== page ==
Atlanta-based artist Alex Brewer is known for using bright colors and shapes in his murals. Brewer painted the former church, located at 700 Delaware Ave. SW, over a two-week time. (Photo: Steffanie Giesler)
Alex Brewer, left, and Stuart Golley, right, covered the brick church with brightly colored paint the first week of painting. The second week Brewer will be adding pictures to the mural to the historic building located at 700 Delaware Ave. SW. (Photo: Steffanie Giesler)

A wrought-iron fence spray-painted neon pink is not something one would expect to see in an old southwest D.C. neighborhood.  At 700 Delaware Ave. SW the fence is the last thing that stands out against an old church that has been completely transformed into a mural.  Formerly a place of worship, the historic building is now an eclectic blend of vibrant colors and whimsical designs.

Atlanta-based artist Alex “Hense” Brewer was commissioned to create a work of art out of this run-down, empty building.  “The bigger picture of all of this is for this neighborhood to become a hub for art in D.C. and to show people you can take something and re-purpose it in a positive way,” he said.

The enormous mural is only the first step in a transition to making southwest D.C. a destination for art.  Recently, the vacant building across the street from the church was purchased by an investor who plans to turn it into an art museum.  This gradual evolution should evoke a sense of community for its residents.  “Having so many different things going on really brings everyone together,” said Arruda.

Neighborhood residents Hiep Nguyen and Pierce Bardin live in an apartment that overlooks the brightly colored building.  “We’ve been watching the progress from our balcony and we’re excited to see what comes of it all,” said Nguyen.  “Everyone around here seems really interested in it,” she said.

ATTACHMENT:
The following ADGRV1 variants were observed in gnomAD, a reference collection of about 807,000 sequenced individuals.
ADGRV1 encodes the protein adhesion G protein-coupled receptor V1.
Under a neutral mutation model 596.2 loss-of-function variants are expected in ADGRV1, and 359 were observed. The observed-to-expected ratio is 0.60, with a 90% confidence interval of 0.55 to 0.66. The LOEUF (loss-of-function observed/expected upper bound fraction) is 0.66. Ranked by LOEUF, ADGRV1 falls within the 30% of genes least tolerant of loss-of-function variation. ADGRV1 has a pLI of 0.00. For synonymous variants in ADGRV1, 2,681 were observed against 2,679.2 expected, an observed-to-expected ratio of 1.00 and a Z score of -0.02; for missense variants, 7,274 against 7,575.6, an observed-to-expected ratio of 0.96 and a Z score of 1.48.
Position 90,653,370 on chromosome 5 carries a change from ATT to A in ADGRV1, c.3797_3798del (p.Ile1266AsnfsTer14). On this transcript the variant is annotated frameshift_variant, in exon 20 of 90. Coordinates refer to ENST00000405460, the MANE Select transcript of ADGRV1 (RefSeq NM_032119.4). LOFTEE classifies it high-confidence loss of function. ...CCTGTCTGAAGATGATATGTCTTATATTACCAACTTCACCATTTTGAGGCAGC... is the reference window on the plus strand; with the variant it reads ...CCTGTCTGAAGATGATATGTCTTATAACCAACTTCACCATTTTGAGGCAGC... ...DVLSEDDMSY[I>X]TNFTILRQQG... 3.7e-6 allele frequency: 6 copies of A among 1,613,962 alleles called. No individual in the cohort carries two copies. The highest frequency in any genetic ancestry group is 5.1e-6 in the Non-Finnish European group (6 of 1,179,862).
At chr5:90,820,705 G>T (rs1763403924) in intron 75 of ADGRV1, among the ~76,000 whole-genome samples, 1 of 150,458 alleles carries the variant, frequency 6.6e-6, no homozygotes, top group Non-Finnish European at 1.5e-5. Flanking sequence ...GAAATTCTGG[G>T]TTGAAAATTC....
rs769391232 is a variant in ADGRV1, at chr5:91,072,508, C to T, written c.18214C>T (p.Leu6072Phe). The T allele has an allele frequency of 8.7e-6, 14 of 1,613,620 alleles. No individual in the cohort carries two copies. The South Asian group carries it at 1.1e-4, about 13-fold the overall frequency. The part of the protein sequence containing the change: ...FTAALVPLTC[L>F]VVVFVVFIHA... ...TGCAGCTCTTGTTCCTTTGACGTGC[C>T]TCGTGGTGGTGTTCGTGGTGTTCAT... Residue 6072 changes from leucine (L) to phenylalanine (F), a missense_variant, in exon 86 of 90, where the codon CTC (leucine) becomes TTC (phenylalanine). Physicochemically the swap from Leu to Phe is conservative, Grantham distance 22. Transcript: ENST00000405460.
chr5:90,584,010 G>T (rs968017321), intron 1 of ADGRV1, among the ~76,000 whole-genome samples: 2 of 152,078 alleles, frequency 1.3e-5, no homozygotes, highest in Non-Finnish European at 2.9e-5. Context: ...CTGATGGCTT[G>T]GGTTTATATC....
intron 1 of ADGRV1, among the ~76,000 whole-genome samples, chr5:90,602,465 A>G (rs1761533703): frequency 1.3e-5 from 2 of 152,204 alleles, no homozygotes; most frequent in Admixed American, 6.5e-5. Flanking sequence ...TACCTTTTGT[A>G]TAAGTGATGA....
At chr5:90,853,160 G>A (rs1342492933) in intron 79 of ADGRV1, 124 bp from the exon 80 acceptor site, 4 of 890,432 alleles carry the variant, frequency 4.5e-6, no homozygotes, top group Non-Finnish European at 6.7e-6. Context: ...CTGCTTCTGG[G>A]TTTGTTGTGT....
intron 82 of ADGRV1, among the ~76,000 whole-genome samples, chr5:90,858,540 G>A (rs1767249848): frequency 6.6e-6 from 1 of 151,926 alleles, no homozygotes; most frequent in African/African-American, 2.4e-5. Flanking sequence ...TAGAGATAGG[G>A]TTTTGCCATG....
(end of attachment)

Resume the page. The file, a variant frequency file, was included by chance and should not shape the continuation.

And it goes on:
The church, built in the early 1900s, previously housed the congregation of the Friendship Baptist Church, and was designated as a D.C. historic site in 2004.  This preservation protects the building from being torn down or drastically altered.

Hense hopes that his work will be viewed not only as a mural but also as a sculpture.  “I want it to be very impactful, bold and viewed from afar,” he said.  With the size of the building and use of bold colors, it’s hard not to see the building from both near and far.

By Catherine Hamm

Steve Tanner, owner of the vacant Friendship Baptist Church. He says he is pleased to arrange HENSE’s art as a contribution to the Southwest neighborhood. (Photo: Perry Klein)

5 thoughts on “From Vacant to Vibrant, An Old Church is Transformed”

  1. Really curious about this project. Who commissioned the artist? Does the building owner have a vision for the building, or is this the artistic installation the solution? Surprised that preservation protects the building from being torn down or drastically altered, but that covering its facade entirely in paint was permitted.

  2. Buildings serve several needs of society – primarily as shelter from weather and as general living space, to provide privacy, to store belongings and to comfortably live and work. A building as a shelter represents a physical division of the human habitat (a place of comfort and safety) and the outside (a place that at times may be harsh and harmful).”

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